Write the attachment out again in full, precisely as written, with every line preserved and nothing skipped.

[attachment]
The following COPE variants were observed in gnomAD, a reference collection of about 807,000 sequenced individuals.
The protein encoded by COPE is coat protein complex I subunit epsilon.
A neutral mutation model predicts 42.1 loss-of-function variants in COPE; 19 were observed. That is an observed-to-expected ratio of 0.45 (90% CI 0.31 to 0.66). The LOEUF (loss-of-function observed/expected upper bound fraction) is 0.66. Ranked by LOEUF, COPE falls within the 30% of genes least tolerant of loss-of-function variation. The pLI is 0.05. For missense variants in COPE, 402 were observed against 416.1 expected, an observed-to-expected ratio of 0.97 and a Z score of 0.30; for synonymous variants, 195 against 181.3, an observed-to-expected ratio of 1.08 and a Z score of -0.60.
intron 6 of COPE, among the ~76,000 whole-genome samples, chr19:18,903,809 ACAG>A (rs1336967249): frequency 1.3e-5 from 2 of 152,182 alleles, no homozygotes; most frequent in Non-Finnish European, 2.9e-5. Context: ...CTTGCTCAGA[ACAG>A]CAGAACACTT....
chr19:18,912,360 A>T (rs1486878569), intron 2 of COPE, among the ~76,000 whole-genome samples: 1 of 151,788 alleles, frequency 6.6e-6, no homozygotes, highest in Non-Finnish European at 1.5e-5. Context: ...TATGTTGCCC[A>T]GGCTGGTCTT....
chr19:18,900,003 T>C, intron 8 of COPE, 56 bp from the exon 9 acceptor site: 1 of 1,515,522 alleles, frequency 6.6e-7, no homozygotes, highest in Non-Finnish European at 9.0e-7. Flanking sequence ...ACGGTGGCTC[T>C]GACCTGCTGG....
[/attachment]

The following COPE variants were observed in gnomAD, a reference collection of about 807,000 sequenced individuals.
The protein encoded by COPE is coat protein complex I subunit epsilon.
A neutral mutation model predicts 42.1 loss-of-function variants in COPE; 19 were observed. That is an observed-to-expected ratio of 0.45 (90% CI 0.31 to 0.66). The LOEUF (loss-of-function observed/expected upper bound fraction) is 0.66. Ranked by LOEUF, COPE falls within the 30% of genes least tolerant of loss-of-function variation. The pLI is 0.05. For missense variants in COPE, 402 were observed against 416.1 expected, an observed-to-expected ratio of 0.97 and a Z score of 0.30; for synonymous variants, 195 against 181.3, an observed-to-expected ratio of 1.08 and a Z score of -0.60.
intron 6 of COPE, among the ~76,000 whole-genome samples, chr19:18,903,809 ACAG>A (rs1336967249): frequency 1.3e-5 from 2 of 152,182 alleles, no homozygotes; most frequent in Non-Finnish European, 2.9e-5. Context: ...CTTGCTCAGA[ACAG>A]CAGAACACTT....
chr19:18,912,360 A>T (rs1486878569), intron 2 of COPE, among the ~76,000 whole-genome samples: 1 of 151,788 alleles, frequency 6.6e-6, no homozygotes, highest in Non-Finnish European at 1.5e-5. Context: ...TATGTTGCCC[A>T]GGCTGGTCTT....
chr19:18,900,003 T>C, intron 8 of COPE, 56 bp from the exon 9 acceptor site: 1 of 1,515,522 alleles, frequency 6.6e-7, no homozygotes, highest in Non-Finnish European at 9.0e-7. Flanking sequence ...ACGGTGGCTC[T>C]GACCTGCTGG....